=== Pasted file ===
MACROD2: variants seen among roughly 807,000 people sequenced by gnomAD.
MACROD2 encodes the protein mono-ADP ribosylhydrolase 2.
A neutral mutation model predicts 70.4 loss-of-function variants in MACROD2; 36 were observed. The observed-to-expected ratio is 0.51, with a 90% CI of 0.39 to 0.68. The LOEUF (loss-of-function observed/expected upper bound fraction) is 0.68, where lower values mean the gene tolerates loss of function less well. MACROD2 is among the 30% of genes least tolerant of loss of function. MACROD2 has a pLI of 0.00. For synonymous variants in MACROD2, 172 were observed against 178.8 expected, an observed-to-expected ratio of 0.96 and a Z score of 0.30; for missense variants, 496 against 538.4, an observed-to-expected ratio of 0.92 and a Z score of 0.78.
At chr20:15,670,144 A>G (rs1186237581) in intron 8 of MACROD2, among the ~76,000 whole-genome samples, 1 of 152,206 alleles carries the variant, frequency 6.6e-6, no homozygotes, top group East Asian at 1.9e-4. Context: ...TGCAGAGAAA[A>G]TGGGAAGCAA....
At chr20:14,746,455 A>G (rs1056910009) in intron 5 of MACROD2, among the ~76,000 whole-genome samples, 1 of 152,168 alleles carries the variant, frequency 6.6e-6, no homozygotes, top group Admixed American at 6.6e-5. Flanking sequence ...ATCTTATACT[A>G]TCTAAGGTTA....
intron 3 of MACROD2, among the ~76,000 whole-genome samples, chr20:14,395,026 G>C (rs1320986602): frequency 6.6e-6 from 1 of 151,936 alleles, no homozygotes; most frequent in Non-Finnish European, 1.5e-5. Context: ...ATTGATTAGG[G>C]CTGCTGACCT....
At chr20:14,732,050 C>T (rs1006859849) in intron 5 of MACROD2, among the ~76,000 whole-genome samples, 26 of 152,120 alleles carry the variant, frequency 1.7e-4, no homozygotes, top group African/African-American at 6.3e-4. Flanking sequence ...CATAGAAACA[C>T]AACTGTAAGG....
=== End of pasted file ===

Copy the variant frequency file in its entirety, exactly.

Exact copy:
MACROD2: variants seen among roughly 807,000 people sequenced by gnomAD.
MACROD2 encodes the protein mono-ADP ribosylhydrolase 2.
A neutral mutation model predicts 70.4 loss-of-function variants in MACROD2; 36 were observed. The observed-to-expected ratio is 0.51, with a 90% CI of 0.39 to 0.68. The LOEUF (loss-of-function observed/expected upper bound fraction) is 0.68, where lower values mean the gene tolerates loss of function less well. MACROD2 is among the 30% of genes least tolerant of loss of function. MACROD2 has a pLI of 0.00. For synonymous variants in MACROD2, 172 were observed against 178.8 expected, an observed-to-expected ratio of 0.96 and a Z score of 0.30; for missense variants, 496 against 538.4, an observed-to-expected ratio of 0.92 and a Z score of 0.78.
At chr20:15,670,144 A>G (rs1186237581) in intron 8 of MACROD2, among the ~76,000 whole-genome samples, 1 of 152,206 alleles carries the variant, frequency 6.6e-6, no homozygotes, top group East Asian at 1.9e-4. Context: ...TGCAGAGAAA[A>G]TGGGAAGCAA....
At chr20:14,746,455 A>G (rs1056910009) in intron 5 of MACROD2, among the ~76,000 whole-genome samples, 1 of 152,168 alleles carries the variant, frequency 6.6e-6, no homozygotes, top group Admixed American at 6.6e-5. Flanking sequence ...ATCTTATACT[A>G]TCTAAGGTTA....
intron 3 of MACROD2, among the ~76,000 whole-genome samples, chr20:14,395,026 G>C (rs1320986602): frequency 6.6e-6 from 1 of 151,936 alleles, no homozygotes; most frequent in Non-Finnish European, 1.5e-5. Context: ...ATTGATTAGG[G>C]CTGCTGACCT....
At chr20:14,732,050 C>T (rs1006859849) in intron 5 of MACROD2, among the ~76,000 whole-genome samples, 26 of 152,120 alleles carry the variant, frequency 1.7e-4, no homozygotes, top group African/African-American at 6.3e-4. Flanking sequence ...CATAGAAACA[C>T]AACTGTAAGG....